How to Develop Your Brand When You are Still a Startup

In Branding, Enterprise, Small Business by tmc0 Comments

As a start-up company, you probably are facing lots of challenges, including reaching out to more clients, having to deal with some dissatisfied clients, running things without a hitch, overbearing expenses and overhead costs which just seem to keep piling up as there is always a need for one thing or the other, the need to repair or fix one thing or the other, etc.

In the article below, Fast company senior Editor, Chris Dannen shared 4 tips for developing your brand, most especially as a start-up. This doesn’t mean it doesn’t work for those brands and companies which have stayed for a while. Even owners of such companies will agree that these 4 tips are indeed very important.

  1. BE ACTIVE ON MANY PLATFORMS

While there are so many platforms to choose from, you have to figure out which would work best for you. Is it social media or the traditional means of disseminating information about your brand? Ask yourself which would be better. Your start-up needs to have a presence across multiple social media platforms. Don’t forget that each community attracts people with different interests; your job is to tailor the message and content to the medium.

Dannen thinks about the social media landscape as a network of nodes. You want to produce content that is specific to each channel, but also interlink them so people can bounce between platforms until they find the one that really resonates with them.

  1. HIRE INTERNS TO CAPTURE BEHIND-THE-SCENES STORIES

No one ever wants to hear you talk about something you’re not an expert in. What are you an expert in? Your own story. Don’t give away your secret sauce, but do share struggles and breakthroughs to offer others a peek into your world.

Give interns cameras and have them capture your story on a daily basis. You never know when the magic moments will occur. Later, someone on the marketing or social media team can centralize the content, filter it, shine it up and push it out through your distribution channels. “There’s no better way to get publicity than through curious interns with smartphones and apps,” says Dannen.

In turn, the interns will get to know everyone on staff and learn how your business really works since they are essentially interviewing the whole team. We definitely should try this in Nigeria, just the way Multichoice is doing by showing us on DSTV, the success stories of those who started doing business with them and how these businesses have grown over the years, especially with their support over the years.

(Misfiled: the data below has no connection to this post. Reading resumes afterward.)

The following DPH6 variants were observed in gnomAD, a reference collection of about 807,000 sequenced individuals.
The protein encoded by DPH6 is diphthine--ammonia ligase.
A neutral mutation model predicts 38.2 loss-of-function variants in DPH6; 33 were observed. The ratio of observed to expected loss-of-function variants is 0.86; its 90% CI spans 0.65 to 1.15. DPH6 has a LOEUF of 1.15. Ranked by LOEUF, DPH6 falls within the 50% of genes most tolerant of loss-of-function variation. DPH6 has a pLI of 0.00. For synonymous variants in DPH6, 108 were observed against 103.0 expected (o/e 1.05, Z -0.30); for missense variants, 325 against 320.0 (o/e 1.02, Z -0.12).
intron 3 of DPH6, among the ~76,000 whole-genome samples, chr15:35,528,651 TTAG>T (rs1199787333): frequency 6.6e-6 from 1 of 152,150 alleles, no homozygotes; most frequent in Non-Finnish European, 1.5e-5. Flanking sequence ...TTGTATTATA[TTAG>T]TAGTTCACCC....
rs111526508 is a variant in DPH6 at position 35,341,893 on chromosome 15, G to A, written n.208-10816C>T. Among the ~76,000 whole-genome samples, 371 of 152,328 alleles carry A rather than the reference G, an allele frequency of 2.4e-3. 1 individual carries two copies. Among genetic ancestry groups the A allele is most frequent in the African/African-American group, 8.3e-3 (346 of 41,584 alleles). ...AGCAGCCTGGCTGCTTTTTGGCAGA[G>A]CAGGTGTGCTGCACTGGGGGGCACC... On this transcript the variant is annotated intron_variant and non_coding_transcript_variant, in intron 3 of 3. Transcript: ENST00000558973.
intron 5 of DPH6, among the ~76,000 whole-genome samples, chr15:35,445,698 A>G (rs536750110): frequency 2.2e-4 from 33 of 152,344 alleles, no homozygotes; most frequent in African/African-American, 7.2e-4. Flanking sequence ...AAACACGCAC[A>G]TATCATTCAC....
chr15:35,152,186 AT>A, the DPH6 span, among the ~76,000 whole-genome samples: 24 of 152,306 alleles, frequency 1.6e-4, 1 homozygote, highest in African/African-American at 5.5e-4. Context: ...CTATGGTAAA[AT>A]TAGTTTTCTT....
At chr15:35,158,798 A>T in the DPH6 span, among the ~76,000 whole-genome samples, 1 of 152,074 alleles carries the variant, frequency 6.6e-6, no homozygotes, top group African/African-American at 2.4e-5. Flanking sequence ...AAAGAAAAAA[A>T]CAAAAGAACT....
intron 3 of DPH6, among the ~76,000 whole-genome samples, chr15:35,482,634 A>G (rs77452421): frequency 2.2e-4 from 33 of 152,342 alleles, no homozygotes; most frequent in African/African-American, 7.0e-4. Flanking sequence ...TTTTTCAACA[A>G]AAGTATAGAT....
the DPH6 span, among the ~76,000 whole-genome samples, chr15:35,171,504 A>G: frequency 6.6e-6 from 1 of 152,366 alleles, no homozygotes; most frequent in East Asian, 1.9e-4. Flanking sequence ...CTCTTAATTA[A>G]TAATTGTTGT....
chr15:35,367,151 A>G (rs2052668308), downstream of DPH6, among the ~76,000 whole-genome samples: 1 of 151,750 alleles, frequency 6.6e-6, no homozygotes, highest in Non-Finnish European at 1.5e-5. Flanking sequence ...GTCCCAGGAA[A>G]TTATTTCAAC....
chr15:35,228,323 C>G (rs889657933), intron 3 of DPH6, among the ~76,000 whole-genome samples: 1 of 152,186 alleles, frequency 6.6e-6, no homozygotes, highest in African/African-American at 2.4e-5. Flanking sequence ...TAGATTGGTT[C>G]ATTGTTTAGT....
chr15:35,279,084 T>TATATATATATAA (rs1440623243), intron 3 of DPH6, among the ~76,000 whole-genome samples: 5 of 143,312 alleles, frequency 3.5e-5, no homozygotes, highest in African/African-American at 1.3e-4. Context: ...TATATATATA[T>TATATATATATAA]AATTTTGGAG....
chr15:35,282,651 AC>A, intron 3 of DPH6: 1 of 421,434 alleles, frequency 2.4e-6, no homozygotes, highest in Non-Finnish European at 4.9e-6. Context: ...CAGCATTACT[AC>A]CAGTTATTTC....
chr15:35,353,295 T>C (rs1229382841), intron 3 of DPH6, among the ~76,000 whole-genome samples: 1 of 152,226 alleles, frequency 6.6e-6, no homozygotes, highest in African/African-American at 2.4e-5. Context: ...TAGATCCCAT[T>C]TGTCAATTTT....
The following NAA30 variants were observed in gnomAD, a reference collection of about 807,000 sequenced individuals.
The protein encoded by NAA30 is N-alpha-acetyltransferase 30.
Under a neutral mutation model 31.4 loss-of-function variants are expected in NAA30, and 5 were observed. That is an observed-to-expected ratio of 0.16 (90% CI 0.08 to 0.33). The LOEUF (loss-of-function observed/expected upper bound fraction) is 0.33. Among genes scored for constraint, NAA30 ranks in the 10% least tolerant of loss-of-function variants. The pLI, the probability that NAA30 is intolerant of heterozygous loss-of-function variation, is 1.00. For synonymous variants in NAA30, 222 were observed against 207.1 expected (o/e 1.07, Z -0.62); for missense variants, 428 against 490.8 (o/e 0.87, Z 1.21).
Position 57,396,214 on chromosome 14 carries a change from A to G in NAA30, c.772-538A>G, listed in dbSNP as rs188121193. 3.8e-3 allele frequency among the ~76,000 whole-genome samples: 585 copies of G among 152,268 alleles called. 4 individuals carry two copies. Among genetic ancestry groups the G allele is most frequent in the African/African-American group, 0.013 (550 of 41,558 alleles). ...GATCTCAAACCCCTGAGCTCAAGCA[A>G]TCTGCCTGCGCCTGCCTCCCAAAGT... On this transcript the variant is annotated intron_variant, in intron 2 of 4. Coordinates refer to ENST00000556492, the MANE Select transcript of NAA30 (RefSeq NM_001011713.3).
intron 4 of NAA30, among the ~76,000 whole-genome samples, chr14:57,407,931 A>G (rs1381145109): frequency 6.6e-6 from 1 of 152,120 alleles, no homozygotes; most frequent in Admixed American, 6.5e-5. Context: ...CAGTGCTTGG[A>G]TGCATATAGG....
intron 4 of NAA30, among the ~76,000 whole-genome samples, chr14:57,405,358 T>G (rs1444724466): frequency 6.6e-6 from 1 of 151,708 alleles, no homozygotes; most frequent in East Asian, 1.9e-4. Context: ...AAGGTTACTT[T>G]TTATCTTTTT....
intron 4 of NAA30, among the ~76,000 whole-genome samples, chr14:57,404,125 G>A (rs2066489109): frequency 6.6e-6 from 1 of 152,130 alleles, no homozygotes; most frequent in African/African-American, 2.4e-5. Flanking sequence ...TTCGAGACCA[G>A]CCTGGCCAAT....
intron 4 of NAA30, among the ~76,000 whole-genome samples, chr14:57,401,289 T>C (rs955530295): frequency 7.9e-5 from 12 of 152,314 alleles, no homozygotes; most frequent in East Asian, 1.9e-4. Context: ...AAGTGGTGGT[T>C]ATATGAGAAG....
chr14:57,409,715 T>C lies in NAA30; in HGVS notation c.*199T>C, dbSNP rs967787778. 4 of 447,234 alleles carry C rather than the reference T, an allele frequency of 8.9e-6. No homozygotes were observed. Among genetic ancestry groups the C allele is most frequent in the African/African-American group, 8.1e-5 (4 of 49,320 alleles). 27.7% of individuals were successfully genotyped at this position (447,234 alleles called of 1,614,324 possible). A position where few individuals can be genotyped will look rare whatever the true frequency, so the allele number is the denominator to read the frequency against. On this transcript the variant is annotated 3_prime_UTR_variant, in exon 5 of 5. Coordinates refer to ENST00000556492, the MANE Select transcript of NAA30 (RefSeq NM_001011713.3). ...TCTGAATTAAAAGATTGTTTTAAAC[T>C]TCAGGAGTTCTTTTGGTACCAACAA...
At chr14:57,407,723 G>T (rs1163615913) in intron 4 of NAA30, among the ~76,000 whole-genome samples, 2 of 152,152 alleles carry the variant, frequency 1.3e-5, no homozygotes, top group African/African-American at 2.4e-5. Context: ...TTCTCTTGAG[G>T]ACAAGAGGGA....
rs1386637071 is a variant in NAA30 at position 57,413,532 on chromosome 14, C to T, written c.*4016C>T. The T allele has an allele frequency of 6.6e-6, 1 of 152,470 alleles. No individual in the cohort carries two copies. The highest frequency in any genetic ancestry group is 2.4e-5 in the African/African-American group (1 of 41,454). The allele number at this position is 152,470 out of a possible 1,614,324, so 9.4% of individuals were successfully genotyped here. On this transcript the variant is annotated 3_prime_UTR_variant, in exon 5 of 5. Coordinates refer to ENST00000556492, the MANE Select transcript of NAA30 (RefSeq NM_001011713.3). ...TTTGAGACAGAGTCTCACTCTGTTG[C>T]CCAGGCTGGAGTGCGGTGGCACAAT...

1. PACKAGE CONTENT WITH A “SERVICE” ANGLE

We all are always looking for better ways of doing things, from googling how to make a nice garden egg sauce to how to tie gele in a specific way to how to fix that registry problem you have on our system, etc. Have you noticed that there are usually particular sites you go to when you need help solving an issue or want to learn something from? People are always looking for a better way to process their world, and if you can give them an edge with practical advice or knowledge, they’ll keep coming back for your expertise. Provide value to your readers and they’ll eventually return the favour. 

  1. HONE YOUR TWITTER PRESENCE

Your Twitter presence matters a lot as a LOT of people are on Twitter these days. It is a platform where they get the latest information, follow trends, get gist and gossip. Honing your Twitter presence will go a long way in getting followers and getting word across about your product and/or service.

Test different “headlines” in your tweets, but don’t actually capitalize your words like a headline. Use different phrases as a litmus test to understand what people are interested in reading or sharing. The more capital letters and tagged handles you include in a tweet, the less often people tend to click the link. People want something conversational. Every single person on your team should be blogging and tweeting, from the founder to the engineers.

What do you think? do you agree? Have you tried any of this before? What has been the outcome thus far? What would you like to add as the owner of a company which has weathered the storms and is doing very well now? Do share in the comments section.

 

Culled from Stanfordbusiness.tumblr.com

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